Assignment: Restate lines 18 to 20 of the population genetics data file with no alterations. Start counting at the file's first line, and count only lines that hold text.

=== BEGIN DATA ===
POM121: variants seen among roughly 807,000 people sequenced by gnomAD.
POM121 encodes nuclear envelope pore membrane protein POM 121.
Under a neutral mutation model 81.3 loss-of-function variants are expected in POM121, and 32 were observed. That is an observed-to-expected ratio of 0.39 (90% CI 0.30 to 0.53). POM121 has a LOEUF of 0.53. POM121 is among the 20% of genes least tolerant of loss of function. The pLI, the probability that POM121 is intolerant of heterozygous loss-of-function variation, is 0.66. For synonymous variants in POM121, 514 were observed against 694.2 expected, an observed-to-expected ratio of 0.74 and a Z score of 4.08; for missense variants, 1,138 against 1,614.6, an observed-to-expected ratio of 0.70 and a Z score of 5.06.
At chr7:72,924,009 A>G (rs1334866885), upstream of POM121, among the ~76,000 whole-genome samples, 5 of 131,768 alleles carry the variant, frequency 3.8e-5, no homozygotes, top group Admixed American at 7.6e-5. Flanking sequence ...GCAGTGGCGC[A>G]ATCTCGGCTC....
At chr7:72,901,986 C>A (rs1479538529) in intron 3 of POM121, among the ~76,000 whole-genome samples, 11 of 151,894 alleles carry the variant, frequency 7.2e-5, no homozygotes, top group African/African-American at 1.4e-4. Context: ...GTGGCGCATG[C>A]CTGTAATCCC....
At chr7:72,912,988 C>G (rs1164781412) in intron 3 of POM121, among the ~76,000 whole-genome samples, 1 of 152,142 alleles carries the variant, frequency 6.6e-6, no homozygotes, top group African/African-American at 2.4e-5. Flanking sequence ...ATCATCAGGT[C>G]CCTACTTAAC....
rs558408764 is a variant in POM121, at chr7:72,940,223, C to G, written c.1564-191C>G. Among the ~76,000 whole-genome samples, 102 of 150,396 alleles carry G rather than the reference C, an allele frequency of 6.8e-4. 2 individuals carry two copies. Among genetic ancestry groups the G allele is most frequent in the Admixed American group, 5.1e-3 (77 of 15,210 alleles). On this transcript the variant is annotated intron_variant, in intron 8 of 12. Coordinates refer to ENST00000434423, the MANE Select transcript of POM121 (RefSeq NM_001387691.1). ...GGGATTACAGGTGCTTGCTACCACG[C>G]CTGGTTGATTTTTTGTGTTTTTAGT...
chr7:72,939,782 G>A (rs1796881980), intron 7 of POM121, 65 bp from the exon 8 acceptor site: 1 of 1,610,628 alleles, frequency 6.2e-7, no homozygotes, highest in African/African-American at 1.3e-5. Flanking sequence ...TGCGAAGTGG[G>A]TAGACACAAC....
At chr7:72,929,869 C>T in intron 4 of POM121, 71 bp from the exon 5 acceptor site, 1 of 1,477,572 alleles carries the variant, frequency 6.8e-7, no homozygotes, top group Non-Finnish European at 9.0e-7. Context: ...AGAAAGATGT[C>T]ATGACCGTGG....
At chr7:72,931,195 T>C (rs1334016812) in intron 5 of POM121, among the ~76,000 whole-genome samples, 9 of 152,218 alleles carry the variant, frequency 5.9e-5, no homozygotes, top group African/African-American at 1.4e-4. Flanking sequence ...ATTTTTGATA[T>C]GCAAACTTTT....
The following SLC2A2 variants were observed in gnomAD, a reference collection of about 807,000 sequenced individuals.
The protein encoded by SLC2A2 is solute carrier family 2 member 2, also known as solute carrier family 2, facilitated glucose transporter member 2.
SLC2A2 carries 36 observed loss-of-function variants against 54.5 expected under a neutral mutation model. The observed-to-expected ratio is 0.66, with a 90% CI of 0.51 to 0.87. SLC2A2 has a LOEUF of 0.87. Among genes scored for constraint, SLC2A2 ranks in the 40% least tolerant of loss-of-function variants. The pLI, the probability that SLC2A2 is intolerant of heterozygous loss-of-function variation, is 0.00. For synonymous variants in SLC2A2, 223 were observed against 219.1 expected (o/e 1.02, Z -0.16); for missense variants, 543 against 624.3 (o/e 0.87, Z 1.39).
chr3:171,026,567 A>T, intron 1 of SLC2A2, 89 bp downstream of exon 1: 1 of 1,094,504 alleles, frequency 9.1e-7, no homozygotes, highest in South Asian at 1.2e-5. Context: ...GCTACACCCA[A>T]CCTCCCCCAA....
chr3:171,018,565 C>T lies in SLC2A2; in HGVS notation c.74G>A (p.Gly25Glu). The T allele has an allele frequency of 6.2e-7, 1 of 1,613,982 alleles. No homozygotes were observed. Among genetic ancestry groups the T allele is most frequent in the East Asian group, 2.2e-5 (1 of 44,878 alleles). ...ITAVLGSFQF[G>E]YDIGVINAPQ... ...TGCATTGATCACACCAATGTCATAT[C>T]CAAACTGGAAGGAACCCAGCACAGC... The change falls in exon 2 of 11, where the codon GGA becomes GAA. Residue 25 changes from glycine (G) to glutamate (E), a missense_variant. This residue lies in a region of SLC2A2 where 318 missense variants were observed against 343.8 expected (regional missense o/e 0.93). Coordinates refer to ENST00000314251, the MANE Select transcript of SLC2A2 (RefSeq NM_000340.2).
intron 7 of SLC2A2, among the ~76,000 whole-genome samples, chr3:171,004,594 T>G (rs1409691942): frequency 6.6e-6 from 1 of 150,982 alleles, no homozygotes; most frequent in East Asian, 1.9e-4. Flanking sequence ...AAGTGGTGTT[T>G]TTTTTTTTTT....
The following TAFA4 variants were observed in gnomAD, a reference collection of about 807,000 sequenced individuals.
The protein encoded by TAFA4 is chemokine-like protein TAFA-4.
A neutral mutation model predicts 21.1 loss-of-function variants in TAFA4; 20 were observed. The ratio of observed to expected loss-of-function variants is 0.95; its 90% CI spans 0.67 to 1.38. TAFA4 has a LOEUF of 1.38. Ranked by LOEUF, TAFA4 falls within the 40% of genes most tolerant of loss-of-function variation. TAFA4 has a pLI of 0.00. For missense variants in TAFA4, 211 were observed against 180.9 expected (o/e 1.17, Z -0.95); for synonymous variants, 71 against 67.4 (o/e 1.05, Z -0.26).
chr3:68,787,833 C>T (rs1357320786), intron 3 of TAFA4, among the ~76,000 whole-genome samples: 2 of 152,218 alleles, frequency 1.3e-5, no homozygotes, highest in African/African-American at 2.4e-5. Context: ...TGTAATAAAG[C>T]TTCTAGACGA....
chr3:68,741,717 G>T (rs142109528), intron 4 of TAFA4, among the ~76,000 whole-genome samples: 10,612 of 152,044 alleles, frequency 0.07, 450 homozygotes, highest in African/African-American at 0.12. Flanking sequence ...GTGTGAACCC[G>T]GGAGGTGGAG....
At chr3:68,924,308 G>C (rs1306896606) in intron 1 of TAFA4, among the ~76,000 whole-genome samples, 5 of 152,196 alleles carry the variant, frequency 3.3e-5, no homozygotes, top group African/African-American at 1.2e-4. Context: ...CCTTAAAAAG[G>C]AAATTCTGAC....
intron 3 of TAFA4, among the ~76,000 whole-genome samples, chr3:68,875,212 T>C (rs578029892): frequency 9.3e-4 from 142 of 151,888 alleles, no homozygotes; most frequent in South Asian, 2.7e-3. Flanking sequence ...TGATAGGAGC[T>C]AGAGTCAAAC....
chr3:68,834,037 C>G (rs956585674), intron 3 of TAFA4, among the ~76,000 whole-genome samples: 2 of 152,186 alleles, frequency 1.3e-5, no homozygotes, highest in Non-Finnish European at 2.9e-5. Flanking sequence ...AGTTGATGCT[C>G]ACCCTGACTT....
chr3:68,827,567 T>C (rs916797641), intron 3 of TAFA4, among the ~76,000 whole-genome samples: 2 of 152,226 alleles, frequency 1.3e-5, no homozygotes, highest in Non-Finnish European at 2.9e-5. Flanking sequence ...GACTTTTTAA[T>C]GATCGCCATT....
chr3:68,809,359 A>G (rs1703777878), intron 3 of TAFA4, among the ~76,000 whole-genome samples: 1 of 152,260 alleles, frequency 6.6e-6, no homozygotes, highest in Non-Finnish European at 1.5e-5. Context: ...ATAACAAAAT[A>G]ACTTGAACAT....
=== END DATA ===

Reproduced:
The protein encoded by TAFA4 is chemokine-like protein TAFA-4.
A neutral mutation model predicts 21.1 loss-of-function variants in TAFA4; 20 were observed. The ratio of observed to expected loss-of-function variants is 0.95; its 90% CI spans 0.67 to 1.38. TAFA4 has a LOEUF of 1.38. Ranked by LOEUF, TAFA4 falls within the 40% of genes most tolerant of loss-of-function variation. TAFA4 has a pLI of 0.00. For missense variants in TAFA4, 211 were observed against 180.9 expected (o/e 1.17, Z -0.95); for synonymous variants, 71 against 67.4 (o/e 1.05, Z -0.26).
chr3:68,787,833 C>T (rs1357320786), intron 3 of TAFA4, among the ~76,000 whole-genome samples: 2 of 152,218 alleles, frequency 1.3e-5, no homozygotes, highest in African/African-American at 2.4e-5. Context: ...TGTAATAAAG[C>T]TTCTAGACGA....